Welcome Carl Shulman

Today we welcome a fourth author at Overcoming Bias: Carl Shulman. The other authors have known Carl for many years, he’s posted here at OB before, and while we (ok, I) have often disagreed, he’s consistently thoughtful, clear, and interested in interesting topics. You can read more about Carl here, here, and here, but I suggest you mainly just listen to what he has to say. :)

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  • http://pulse.yahoo.com/_ZX6KH3PARV2XGUQWAN3PA45Q5U R

    I hate when good blogs dilute their message by recruiting new contributors. This blog has a unique voice. I won’t be surprised to see it subtly shifted in another, more innocuous direction. 

    The problem is simple: in the media, political commentary, and cultural criticism you have a broad elite which, if temporarily forestalled by a new entry, will wait it out and co-opt it at the soonest opportunity. 

    • Anonymous

      I love when good blogs and more good bloggers

      • http://www.mccaughan.org.uk/g/ gjm

         I hate when comment spammers and useless comments

    • dmytryl

      Yes. I like what Robin writes as he strikes me as person genuinely trying to be more rational about issues that interest him, even when the conclusions contradict his general stance. This is very rare in rational community, with the majority either trying to come up with something bizarre to believe together, or trying to rationalize such things after the original argument has been shown to be flawed.

      • http://juridicalcoherence.blogspot.com/ srdiamond

        the majority either trying to come up with something bizarre to believe together, or trying to rationalize such things after the original argument has been shown to be flawed

        And if not that, then just belaboring the obvious.

      • Steve Bachelor

        > [a] person genuinely trying to be more rational about issues that interest him, even when the conclusions contradict his general stance.

        In that case, you’re in for a treat. Shulman’s one of the most proficient steel-man constructors I know of.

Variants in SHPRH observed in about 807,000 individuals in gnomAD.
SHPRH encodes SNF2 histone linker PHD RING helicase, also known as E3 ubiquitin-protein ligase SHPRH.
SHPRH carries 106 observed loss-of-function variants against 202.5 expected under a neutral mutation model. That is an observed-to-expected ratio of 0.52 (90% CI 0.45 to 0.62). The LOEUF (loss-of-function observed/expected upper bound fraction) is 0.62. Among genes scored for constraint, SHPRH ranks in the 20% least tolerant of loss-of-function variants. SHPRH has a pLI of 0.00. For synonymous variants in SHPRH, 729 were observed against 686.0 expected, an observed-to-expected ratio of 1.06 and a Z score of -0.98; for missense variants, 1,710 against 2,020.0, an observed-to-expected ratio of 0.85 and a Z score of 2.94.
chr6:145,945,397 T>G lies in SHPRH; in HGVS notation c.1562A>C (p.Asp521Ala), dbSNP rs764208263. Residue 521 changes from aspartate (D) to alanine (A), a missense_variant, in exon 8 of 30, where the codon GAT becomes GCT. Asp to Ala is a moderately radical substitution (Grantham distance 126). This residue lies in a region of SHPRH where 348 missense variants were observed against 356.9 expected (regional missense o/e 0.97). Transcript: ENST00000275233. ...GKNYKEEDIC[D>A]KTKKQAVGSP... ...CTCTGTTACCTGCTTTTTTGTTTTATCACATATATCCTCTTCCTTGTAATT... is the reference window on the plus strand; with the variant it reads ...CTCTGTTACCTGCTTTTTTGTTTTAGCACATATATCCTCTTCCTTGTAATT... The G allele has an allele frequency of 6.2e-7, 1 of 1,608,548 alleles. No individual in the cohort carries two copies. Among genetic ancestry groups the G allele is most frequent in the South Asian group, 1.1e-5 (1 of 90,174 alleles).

• gwern0

         I’d be surprised if Dmytry, who nearly got himself banned from LW for among other things sockpuppeting, would much enjoy reading posts by Shulman (who worked at SIAI and comments on LW more than infrequently).

      • srdiamond

        I’d be surprised if Dmytry, who nearly got himself banned from LW for among other things sockpuppeting, would much enjoy reading posts by Shulman (who worked at SIAI and comments on LW more than infrequently).

        What in the world is “sockpuppeting,” and how the hell does it have any relevance to anything that’s being discussed?

      • http://entitledtoanopinion.wordpress.com TGGP

        Steve Diamond, you’ve been in the blogosphere for a while, had you really not heard of sock-puppetry? It’s using more than one “handle”/”nym” at a site in order to pretend to be independent people amplifying a message. The most embarrassing kind is one used to praise one’s self, like “Mary Rosh” or “Sprezzatura”. There’s an author who was recently caught bashing his competitors on Amazon under different names, and that would also count even if he never commented as or about his real identity.

        I’m not active enough at LW to be familiar with the specific controversy referenced.

  • Anonymous

    I love when good blogs and more good bloggers

  • http://juridicalcoherence.blogspot.com/ srdiamond

    Carl’s blog contains this disconcerting posting, titled “Moderation”:

    For the record, this is a personal blog and I may arbitrarily moderate comments at any time in the name of epistemic norms, civility, or capricious whim.

    Well, for one thing, such notice really ought to be provided more visibly than stuck in a posting that commenters might not even see, that is, if one must insist on running one’s blog comments in an arbitrary and capricious fashion. (Unsurprisingly, his blog hasn’t gotten a single comment in about a year- of operation, as far as I can tell.)

    The authoritarian style with which some libertarians comport themselves when they get just a modicum of status or power–like being a blog “owner”– supports the role of authoratiarism as the hidden dynamic of libertarianism, as suggested by an article Dmitryl recently cited. (Bryan Caplan, who lays out the generously afforded  rights of commenters to his blog is a notable exception.)

  • http://juridicalcoherence.blogspot.com/ srdiamond

    Robin should be praised for demonstrating the virtue of generosity in adding Carl. Unlike Katja and Robert, he has done little to demonstrate effectiveness as a blogger, at least not by objective measures. His Google ranking (while based on less than a year) is 0. (By comparison, Katja and Robert reached 5, Less Wrong is at 6, and Overcoming Bias 7.) And this measure favors the highly networked, like Carl, a Fellow at SIAI,, as Katja and (I think) Robert once were. 

    On another measure, biased in other ways, Carl doesn’t even rate an Alexa ranking, suggesting an exceedingly small readership. 

    What I’ve seen of Carl’s comments is pedantic and hairsplitting more than original.